We escaped to our country's foreign embassy and later heard that our building has been burnt down.

This story highlights the last point which is the importance of saving wisely as an expatriate.

Do not forget to drop your comment or like our facebook page:

Thursday, January 1, 2015

Japanese Association of University Women International Fellowships Program 2015

Japanese Association of University Women (JAUW) is now calling for Applications for its 2015 International Fellowships.

This program is to offer core funding to financially help you come and stay in Japan when you have found that it is preferable or very important for you to stay in Japan to further pursue your ongoing study/research.
This program is to offer core funding to financially help you come and stay in Japan when you have found that it is preferable or very important for you to stay in Japan to further pursue your ongoing study/research.

If selected, you must:
engage in the proposed study/research for which the grant is awarded;
submit a written summary report of 500 to 700 words by the end of the funding period;
make an oral presentation based on the above report toward the end ofthe funding period at a meeting to be held by JAUW.

  • You are a woman of any nationality but other than Japanese, living outside Japan at the time of application; 
  • You have received a Master’s degree or its equivalent, and presently work outside academia, or you are a student/researcher higher than MA /its equivalent level (typically of pre-doctoral or dissertation level). Postdoctoral researchers may apply but they may be placed lower in priority; 
  • You have to find a host university or institution in Japan by yourself, and have to submit, at the time of application, a letter of Acceptance from that host or from your prospective supervisor thereof. JAUW will not extend any help regarding to this matter; 
  • You have to explain in your proposal why you have to come to stay in Japan to pursue your ongoing study or research; 
  • You have to state clearly in your proposal how and in what aspect you will contribute to your home country through your study/ research in Japan. 
  • Fellowship

The amount of grant will range from ¥700,000 to ¥1,000,000 per grantee. The duration of your stay in Japan and various other factors will be taken into consideration in deciding the total amount of grant.
This grant is for 5 to 6 months between September 2015 and March 2016, depending on your proposal; One third of the total amount will be paid at the time of your arrival in Japan. The rest will normally be paid within 40 days after the initial payment. However, the latter amount (i.e. two thirds of the total) may be payable in two or three installments, depending on circumstances surrounding the grantee in Japan.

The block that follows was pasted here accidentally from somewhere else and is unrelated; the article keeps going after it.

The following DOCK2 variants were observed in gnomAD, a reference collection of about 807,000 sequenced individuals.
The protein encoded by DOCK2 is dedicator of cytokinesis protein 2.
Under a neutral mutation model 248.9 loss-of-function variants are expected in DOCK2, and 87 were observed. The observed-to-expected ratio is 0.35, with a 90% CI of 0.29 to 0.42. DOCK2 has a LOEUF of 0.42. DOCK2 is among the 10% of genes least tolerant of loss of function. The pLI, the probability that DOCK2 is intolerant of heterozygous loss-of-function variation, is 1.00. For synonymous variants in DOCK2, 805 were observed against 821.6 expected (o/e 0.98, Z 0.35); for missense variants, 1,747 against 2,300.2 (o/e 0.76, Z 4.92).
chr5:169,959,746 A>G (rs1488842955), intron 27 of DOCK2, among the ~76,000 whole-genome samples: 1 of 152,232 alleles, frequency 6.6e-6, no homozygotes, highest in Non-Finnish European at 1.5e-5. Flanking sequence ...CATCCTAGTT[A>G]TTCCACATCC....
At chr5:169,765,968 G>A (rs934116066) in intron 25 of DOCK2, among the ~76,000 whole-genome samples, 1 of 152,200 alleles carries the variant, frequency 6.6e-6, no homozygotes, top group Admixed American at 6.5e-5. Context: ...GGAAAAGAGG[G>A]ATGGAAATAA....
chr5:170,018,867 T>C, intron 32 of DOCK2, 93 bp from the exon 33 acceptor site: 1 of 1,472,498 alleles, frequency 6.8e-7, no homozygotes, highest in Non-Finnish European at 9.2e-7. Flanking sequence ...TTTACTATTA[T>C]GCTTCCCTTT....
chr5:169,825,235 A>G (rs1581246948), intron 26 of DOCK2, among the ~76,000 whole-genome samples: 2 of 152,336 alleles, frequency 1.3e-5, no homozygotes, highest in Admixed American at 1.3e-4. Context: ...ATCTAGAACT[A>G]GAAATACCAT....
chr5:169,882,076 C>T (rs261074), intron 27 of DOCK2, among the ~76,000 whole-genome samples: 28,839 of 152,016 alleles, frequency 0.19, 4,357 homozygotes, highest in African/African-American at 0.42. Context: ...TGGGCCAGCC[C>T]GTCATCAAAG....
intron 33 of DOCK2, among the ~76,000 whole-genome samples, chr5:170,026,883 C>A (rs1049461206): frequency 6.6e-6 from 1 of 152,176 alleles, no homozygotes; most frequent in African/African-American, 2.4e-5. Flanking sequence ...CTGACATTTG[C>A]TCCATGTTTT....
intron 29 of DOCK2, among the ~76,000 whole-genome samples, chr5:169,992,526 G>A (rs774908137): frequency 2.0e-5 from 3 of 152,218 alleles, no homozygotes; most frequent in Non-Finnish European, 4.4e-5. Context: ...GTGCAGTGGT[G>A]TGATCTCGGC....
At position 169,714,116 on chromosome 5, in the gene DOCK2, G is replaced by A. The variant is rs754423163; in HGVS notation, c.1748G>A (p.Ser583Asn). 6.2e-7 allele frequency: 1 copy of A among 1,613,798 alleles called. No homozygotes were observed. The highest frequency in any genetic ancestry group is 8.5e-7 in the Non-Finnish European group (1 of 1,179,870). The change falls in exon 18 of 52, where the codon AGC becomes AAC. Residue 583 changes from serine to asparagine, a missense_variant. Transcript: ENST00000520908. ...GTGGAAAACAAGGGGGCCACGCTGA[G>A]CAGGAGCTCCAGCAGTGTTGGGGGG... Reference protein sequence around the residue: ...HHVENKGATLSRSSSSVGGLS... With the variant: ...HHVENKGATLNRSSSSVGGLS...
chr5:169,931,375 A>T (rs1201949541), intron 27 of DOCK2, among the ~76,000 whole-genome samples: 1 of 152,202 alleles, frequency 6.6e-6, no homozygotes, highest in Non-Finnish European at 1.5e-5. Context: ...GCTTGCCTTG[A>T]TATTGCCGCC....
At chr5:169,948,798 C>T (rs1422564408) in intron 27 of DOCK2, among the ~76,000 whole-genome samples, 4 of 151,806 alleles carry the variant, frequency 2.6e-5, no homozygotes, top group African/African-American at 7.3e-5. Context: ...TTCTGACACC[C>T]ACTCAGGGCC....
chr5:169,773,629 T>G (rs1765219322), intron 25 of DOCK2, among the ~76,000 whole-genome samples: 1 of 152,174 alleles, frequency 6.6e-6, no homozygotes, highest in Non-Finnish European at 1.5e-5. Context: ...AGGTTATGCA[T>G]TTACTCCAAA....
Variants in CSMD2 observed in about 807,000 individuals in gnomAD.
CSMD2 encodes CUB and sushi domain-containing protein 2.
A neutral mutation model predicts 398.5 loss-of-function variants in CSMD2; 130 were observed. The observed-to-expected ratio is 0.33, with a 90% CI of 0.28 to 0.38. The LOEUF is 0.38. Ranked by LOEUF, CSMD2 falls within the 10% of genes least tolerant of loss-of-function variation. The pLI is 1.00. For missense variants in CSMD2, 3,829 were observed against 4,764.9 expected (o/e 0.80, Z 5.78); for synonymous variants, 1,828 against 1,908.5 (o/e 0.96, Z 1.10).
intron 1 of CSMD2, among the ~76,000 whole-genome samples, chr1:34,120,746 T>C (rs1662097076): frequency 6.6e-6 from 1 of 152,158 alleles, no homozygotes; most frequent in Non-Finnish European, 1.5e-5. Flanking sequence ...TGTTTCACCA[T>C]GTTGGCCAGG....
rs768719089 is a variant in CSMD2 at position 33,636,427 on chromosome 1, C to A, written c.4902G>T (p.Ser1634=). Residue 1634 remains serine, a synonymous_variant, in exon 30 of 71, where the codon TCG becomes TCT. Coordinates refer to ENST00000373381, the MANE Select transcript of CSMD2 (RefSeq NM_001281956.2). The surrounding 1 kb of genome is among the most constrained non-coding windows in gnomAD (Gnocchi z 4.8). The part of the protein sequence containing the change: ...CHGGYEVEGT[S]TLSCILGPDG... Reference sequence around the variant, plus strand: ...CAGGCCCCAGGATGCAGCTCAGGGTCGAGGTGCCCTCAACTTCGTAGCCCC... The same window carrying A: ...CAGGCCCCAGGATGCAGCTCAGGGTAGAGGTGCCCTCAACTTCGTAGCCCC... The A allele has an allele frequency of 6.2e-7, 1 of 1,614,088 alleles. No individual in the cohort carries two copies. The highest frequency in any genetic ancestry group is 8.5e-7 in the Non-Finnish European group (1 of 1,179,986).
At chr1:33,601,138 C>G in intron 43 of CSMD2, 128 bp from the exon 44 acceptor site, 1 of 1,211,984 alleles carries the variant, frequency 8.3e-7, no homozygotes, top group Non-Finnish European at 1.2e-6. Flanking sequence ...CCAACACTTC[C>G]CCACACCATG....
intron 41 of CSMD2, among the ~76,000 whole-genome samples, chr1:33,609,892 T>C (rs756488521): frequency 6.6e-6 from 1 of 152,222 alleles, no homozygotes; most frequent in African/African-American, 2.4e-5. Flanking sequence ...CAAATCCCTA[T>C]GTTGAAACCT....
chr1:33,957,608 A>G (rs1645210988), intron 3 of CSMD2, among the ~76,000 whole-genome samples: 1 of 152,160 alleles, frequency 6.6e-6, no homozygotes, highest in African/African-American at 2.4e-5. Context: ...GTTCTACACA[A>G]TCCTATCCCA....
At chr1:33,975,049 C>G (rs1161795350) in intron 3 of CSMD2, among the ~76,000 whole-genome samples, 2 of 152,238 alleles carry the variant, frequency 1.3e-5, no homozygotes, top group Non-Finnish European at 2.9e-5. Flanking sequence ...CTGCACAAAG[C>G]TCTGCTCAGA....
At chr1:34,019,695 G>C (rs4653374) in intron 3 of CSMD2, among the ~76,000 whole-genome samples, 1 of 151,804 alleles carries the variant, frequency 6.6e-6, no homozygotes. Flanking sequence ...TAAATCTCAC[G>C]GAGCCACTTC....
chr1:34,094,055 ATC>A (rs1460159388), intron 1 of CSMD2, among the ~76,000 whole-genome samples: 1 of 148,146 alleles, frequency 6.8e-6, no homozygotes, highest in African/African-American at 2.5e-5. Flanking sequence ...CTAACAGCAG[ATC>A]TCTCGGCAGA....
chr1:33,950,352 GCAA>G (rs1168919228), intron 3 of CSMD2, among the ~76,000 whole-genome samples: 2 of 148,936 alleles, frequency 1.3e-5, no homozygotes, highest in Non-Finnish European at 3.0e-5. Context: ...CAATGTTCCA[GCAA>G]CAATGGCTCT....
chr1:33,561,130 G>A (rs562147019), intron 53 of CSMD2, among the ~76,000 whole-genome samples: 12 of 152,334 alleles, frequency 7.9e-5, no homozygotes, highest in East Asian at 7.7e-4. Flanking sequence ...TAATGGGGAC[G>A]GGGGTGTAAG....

Deadline: 31 March 2015
Open to: international woman master graduates
Fellowship: up to 1,000,000 japanese yens ( 6,850 euros) for 6 months

  • 3 copies of Application Form Part 1 (Personal Data) 
  • 3 copies of Application Form Part 2 (Proposal & Related Data) 
  • 3 letters of Recommendation.(⇒see No.6 of Application Form Part 1). Each letter should be signed by the writer and enclosed in a sealed and signed envelope; 
a letter of acceptance/confirmation/ invitation (referred to as a letter of Acceptance.). written by your host supervisor or partner depending upon your status in the proposed place of your study/research in Japan;
a medical certificate of health issued by a qualified medical doctor stating in English that you are healthy enough to conduct your study in Japan for the proposed period
a 3.5 cm X 4.5 cm photo of yourself.

All Application documents must be sent in one single packet via airmail to:

International Fellowship Committee
Japanese Association of University Women
11-6-101 Samoncho, Shinjuku-ku,
Tokyo 160-0017,
The official call

Hope this is useful. Do not forget to drop your comment or like our facebook

AirAsia flight found upside down at the bottom of the sea, passengers found holding hands

Indonesian search officials have now confirmed they have located the fuselage of AirAsia flight 8501 on sonar radar, upside down on the sea floor, not far from where three of the bodies from the doomed AirAsia flight were found holding hands when discovered floating in the Java Sea. Officials from Basarnas, Indonesia's search and rescue agency, say the plane wreckage has been located in 24 to 30 metres of water and one of the seven confirmed recovered bodies was wearing a life jacket.

Lieutenant Airman Tri Wobowo, who was co-piloting Indonesia's C130 Herclues aircraft, was the first to discover debris from the plane and witnessed the tragic scene.

Nine bodies have been recovered so far, including two on Thursday. Remains are being sent initially to Pangkalan Bun, the closest town on Borneo island, before being transported to Surabaya, Indonesia’s second-largest city, where Flight 8501 had taken off.
A plane door, a blue suitcase, oxygen tank and the remnants of an emergency slide were among the objects found about 10km from where the plane was last detected on radar. But the most harrowing discoveries were the corpses floating in the Java Sea - about 100 miles off the coast - and search chiefs fully expect none of the 162 passengers and crew on board made it out of the wreckage alive.
Family members who have been at the airport since the crash happened on Sunday December 28th, are expected to come forward to identify the remains of their loved ones.

 May God give their family members the fortitude to bear the loss,